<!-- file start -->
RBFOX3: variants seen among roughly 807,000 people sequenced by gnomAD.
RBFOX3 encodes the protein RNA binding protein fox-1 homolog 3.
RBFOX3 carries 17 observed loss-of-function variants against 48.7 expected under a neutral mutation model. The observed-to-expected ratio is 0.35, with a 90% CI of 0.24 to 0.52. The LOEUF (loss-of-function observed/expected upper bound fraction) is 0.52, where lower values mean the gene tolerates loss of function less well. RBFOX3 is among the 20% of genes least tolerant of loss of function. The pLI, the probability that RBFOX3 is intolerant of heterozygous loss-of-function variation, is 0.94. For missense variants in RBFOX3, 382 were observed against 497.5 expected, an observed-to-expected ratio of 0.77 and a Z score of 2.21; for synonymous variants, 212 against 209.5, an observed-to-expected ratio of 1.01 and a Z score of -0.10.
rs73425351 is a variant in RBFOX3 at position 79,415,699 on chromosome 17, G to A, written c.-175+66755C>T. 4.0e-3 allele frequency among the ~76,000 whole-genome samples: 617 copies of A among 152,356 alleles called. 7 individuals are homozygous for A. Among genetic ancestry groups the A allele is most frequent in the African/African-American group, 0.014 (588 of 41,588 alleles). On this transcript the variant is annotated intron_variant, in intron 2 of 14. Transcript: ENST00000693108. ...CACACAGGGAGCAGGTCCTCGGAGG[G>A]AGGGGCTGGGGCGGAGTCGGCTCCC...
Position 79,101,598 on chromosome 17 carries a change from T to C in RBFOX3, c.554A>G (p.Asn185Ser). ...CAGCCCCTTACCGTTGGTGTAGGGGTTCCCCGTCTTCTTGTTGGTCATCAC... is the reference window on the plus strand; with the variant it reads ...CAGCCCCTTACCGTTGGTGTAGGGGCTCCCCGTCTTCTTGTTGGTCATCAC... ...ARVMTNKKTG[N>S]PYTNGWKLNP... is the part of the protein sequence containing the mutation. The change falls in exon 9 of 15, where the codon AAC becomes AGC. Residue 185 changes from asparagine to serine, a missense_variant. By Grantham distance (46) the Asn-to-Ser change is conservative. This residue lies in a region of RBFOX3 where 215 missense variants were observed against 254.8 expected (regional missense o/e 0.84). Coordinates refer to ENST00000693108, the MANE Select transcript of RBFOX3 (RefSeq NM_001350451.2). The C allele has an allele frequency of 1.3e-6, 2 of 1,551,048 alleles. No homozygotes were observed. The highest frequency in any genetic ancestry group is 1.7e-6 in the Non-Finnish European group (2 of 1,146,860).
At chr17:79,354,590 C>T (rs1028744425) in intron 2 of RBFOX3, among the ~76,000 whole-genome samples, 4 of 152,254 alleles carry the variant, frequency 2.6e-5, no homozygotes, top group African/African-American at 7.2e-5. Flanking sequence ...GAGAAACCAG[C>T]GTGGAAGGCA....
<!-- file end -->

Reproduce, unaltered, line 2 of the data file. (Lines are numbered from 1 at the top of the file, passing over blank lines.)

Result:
RBFOX3 encodes the protein RNA binding protein fox-1 homolog 3.